A loving married couple must navigate the stresses and difficulties of raising an autistic child.
This debut novel tells the story of Beth and John MacFarlane, who meet and fall in love while in the same college music class. Beth, a pianist, and John, an aspiring engineer, continue to share a deep love of music throughout their married life, especially for Fauré’s Requiem, the piece that brought them together in class. The two even name their firstborn son Gabriel, after the composer, and Beth is amazed to discover that listening to the music is the only thing that calms her colicky son. Unfortunately, Gabe’s problems turn out to be much deeper than just having colic; at around 18 months, he becomes withdrawn, unwilling (or unable) to speak and make eye contact, and overly fascinated with trains—classic signs of autism. After receiving a diagnosis, the devastated parents begin the arduous and painful journey of trying to help Gabe. From behavioral training to different diets, the two draw on the many wells of support and resources around them to carve out a meaningful life for their son. Jepson (Changing the Course of Autism, 2007), who dedicates the novel to his two autistic sons, is a doctor active in autism research, and he clearly knows his subject. From the details of the behavioral therapy Gabe receives to the financial stresses of caring for a special needs child, Jepson gets the minutiae right. But, more remarkably, he also nails the emotional turmoil of living with the condition and the toll it takes on John and Beth’s marriage and their vision for their future. Some of the dialogue feels a little stilted; it is hard to imagine, in this century, a physician like the story’s Dr. Morrison, who advises, “I would recommend that you have more children and forget about this one.” In a world where celebrities from Temple Grandin to Jenny McCarthy invoke autism on a public stage, having characters say, “Like Rain Man?,” when they hear about Gabe’s condition feels woefully out of touch. But the heart and the emotional truth of this book, in the end, come through emphatically.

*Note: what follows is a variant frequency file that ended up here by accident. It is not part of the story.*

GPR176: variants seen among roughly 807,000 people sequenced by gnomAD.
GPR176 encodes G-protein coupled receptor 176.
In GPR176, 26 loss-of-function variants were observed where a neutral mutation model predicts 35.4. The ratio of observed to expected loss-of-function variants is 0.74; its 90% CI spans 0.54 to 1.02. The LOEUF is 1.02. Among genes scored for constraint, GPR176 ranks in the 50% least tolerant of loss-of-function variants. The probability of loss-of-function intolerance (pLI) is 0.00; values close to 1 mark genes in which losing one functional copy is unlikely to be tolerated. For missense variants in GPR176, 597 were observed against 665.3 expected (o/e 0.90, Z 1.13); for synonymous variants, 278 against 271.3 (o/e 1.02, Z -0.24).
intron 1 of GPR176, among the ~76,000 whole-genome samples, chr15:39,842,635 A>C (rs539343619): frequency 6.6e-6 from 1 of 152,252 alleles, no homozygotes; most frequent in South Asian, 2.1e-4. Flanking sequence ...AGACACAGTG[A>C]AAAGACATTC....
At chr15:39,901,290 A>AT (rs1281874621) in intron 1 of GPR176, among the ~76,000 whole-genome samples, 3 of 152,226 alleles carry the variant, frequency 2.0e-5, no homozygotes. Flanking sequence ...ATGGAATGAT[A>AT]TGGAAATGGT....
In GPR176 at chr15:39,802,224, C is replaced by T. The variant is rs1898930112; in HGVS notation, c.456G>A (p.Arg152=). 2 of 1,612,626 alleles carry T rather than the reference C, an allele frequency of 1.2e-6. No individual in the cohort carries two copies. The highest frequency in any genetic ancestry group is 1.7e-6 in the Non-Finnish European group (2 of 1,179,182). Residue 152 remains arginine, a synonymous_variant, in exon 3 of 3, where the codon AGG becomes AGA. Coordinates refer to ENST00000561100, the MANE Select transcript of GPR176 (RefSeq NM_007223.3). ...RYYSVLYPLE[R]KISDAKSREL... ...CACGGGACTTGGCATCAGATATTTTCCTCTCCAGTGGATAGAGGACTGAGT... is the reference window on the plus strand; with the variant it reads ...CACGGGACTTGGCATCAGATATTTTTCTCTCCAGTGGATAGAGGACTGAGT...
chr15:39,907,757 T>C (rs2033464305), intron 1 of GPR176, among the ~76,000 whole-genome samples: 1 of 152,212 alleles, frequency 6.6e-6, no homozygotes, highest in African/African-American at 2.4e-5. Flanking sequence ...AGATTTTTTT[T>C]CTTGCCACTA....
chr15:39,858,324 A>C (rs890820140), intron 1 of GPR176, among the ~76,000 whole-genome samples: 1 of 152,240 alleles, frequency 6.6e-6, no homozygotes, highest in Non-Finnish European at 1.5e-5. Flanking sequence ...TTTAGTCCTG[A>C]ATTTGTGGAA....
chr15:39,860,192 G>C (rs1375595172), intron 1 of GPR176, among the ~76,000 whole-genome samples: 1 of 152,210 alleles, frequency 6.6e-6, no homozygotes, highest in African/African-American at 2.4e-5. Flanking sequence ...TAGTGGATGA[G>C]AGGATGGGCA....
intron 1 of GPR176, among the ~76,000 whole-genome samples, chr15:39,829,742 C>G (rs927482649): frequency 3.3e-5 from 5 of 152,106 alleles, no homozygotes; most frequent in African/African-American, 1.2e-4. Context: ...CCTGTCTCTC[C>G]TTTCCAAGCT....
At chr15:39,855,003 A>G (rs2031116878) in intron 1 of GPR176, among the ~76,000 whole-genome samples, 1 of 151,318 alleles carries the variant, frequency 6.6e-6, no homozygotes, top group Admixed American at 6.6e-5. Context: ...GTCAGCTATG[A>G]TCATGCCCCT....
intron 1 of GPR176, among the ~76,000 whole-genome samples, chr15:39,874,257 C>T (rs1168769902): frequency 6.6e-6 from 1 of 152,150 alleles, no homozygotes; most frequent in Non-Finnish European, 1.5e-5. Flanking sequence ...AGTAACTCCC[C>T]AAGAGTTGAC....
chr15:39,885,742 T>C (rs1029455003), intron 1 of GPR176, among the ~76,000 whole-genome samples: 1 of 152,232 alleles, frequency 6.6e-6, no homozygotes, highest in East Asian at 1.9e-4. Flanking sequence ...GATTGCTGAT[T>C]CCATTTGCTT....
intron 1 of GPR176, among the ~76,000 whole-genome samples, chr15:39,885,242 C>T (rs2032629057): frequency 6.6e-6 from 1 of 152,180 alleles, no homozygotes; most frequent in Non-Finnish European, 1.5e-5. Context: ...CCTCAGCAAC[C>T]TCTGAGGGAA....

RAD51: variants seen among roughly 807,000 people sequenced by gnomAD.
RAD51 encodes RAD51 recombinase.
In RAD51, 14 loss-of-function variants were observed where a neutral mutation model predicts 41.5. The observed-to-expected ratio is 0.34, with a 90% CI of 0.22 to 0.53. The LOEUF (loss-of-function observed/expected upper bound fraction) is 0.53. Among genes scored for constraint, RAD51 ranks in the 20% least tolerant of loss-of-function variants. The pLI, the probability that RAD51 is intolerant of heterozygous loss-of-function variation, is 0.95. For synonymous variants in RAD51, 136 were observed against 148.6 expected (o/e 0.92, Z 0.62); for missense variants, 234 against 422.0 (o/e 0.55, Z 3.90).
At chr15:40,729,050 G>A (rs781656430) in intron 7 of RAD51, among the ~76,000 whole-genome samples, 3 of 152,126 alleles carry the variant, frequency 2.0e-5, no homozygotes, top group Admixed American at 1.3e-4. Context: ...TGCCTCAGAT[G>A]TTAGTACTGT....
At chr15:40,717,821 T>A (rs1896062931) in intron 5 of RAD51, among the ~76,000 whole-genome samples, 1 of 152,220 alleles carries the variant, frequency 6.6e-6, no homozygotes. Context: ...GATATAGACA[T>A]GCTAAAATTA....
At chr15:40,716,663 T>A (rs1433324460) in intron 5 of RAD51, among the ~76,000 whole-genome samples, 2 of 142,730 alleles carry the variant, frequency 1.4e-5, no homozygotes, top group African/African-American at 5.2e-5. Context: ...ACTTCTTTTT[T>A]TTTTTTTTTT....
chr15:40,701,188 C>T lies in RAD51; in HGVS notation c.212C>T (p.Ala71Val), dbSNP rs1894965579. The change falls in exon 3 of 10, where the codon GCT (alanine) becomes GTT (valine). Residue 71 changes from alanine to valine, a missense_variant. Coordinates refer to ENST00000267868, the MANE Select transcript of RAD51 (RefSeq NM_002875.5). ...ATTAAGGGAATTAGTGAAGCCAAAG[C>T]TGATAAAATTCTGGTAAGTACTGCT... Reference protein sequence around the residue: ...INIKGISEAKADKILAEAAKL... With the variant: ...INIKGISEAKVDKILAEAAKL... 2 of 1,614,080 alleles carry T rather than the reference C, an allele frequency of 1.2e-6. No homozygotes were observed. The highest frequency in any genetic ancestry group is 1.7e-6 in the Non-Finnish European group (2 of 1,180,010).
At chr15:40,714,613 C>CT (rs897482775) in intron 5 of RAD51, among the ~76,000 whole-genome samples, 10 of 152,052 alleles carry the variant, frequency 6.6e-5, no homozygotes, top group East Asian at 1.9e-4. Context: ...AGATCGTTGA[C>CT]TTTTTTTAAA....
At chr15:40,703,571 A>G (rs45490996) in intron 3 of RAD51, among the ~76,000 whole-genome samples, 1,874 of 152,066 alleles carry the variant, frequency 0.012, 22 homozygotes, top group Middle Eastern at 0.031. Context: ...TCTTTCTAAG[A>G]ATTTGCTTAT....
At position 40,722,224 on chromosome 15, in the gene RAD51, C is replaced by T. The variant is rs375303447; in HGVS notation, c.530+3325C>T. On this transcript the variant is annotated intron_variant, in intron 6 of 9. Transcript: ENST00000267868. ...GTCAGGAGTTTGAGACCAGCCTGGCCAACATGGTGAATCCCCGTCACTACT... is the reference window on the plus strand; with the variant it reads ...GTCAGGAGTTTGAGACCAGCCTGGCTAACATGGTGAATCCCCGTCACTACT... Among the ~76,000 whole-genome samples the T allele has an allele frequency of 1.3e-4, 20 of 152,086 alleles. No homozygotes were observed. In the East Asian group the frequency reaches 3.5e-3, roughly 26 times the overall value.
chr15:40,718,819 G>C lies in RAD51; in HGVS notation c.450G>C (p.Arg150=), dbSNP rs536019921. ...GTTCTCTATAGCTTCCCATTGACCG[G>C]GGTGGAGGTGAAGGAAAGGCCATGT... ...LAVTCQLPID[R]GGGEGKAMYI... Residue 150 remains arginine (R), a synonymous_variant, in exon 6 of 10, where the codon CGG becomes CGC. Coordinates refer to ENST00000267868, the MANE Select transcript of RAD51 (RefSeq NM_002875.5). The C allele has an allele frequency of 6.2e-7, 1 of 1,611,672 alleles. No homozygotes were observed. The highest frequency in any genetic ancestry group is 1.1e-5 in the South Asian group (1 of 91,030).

A heartwarming, hopeful tale about coping with autism.